By Harvey Wasserman
As demonstrators from the Coalition Against Nukes prepare to descend on Washington DC and the Nuclear Regulatory Commission, the world’s third-largest economy has taken a landmark step toward Solartopia.
A pro-nuclear Japanese government has announced it will phase out all commercial reactors by 2040.
It comes as atomic power continues to plummet and reactors go dark in Germany, France, Quebec, California and elsewhere.
The aggressively pro-nuclear administration of Noda Yoshihiko has met fierce grassroots resistance against forcing open two reactors, and is expected to lose upcoming elections. Its advocacy of a long phase-out was meant to placate both industrial and No Nukes interests, but has angered both.
Japan remains at the center of the global industry. Key heavy components are still manufactured there. But bitter debate about the health impacts of Fukushima has escalated. New reports cast serious doubt on the integrity of safety regulations, and on the wisdom of siting so many reactors near earthquake faults and in coastal areas threatened by tsunamis.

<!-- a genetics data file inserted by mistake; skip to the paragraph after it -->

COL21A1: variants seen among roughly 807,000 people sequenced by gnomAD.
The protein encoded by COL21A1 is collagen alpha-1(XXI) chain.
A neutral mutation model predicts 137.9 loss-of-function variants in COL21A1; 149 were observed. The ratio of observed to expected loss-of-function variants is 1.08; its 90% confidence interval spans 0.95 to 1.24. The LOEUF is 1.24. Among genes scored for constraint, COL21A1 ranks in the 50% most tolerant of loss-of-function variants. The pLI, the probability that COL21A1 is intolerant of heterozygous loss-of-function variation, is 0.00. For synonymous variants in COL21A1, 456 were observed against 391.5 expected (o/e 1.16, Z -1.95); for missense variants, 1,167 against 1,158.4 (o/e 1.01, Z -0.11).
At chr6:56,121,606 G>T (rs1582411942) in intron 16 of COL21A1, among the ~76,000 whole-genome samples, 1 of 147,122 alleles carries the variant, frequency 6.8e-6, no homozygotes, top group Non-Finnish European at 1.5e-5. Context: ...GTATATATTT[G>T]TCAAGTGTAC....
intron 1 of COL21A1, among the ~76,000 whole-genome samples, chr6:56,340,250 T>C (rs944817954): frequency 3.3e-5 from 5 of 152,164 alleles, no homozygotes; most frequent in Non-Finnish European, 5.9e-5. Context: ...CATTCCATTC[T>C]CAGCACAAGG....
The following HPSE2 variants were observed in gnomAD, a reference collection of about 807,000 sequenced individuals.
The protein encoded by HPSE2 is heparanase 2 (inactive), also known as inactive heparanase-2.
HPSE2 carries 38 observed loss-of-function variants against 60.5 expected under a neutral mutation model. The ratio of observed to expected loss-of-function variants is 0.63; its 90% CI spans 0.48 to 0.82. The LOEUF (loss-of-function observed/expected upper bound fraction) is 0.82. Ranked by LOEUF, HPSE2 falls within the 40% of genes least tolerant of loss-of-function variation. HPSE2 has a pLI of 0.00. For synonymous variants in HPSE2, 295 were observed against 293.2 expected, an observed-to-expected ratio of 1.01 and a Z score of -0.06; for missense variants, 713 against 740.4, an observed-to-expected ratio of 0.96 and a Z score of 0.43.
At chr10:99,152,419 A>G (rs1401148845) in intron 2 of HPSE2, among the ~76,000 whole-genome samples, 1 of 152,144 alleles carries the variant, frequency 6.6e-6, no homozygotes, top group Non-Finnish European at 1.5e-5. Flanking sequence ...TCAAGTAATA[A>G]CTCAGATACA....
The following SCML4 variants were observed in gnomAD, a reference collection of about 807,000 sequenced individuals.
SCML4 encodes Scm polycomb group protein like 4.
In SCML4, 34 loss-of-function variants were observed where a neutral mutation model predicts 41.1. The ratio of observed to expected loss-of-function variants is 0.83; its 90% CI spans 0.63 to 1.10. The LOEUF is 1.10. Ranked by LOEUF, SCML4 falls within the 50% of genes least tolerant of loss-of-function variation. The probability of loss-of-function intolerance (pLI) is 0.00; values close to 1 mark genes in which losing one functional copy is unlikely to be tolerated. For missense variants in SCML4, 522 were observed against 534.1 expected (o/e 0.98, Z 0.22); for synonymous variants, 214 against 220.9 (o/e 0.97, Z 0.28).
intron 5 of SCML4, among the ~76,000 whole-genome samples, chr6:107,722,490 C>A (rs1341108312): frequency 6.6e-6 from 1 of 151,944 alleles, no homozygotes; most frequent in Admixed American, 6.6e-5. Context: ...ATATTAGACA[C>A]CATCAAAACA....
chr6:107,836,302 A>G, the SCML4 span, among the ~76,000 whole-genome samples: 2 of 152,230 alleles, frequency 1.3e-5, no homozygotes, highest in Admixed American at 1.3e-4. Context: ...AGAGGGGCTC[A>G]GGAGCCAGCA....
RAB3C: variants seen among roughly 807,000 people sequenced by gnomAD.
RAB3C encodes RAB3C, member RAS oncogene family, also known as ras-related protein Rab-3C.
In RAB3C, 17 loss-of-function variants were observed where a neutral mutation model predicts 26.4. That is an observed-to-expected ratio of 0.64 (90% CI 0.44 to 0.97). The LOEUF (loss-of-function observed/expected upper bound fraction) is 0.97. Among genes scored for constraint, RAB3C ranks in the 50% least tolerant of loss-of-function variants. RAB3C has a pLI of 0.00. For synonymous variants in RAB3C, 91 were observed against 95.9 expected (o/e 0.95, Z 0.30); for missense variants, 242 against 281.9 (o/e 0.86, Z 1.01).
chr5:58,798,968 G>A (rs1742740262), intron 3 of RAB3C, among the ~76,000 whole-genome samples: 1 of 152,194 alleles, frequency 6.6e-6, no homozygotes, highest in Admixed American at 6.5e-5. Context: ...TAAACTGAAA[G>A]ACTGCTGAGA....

The industry’s decline has been accelerated in France, where the new Socialist Prime Minister Francois Hollande says he’ll shut an embattled reactor at Fessenheim “as soon as possible.” Public opinion polls show substantial support for a shift to renewables.
A new government in Quebec will shut Gentilly II. In California, new reports on the cold San Onofre 2 & 3 indicate deep problems that make a re-start more doubtful than ever. And a whistleblower has warned that flood damage at Nebraska’s Ft. Calhoun reactor may be more serious than previously believed.
Continue reading at Japan’s Long Atomic Sayonara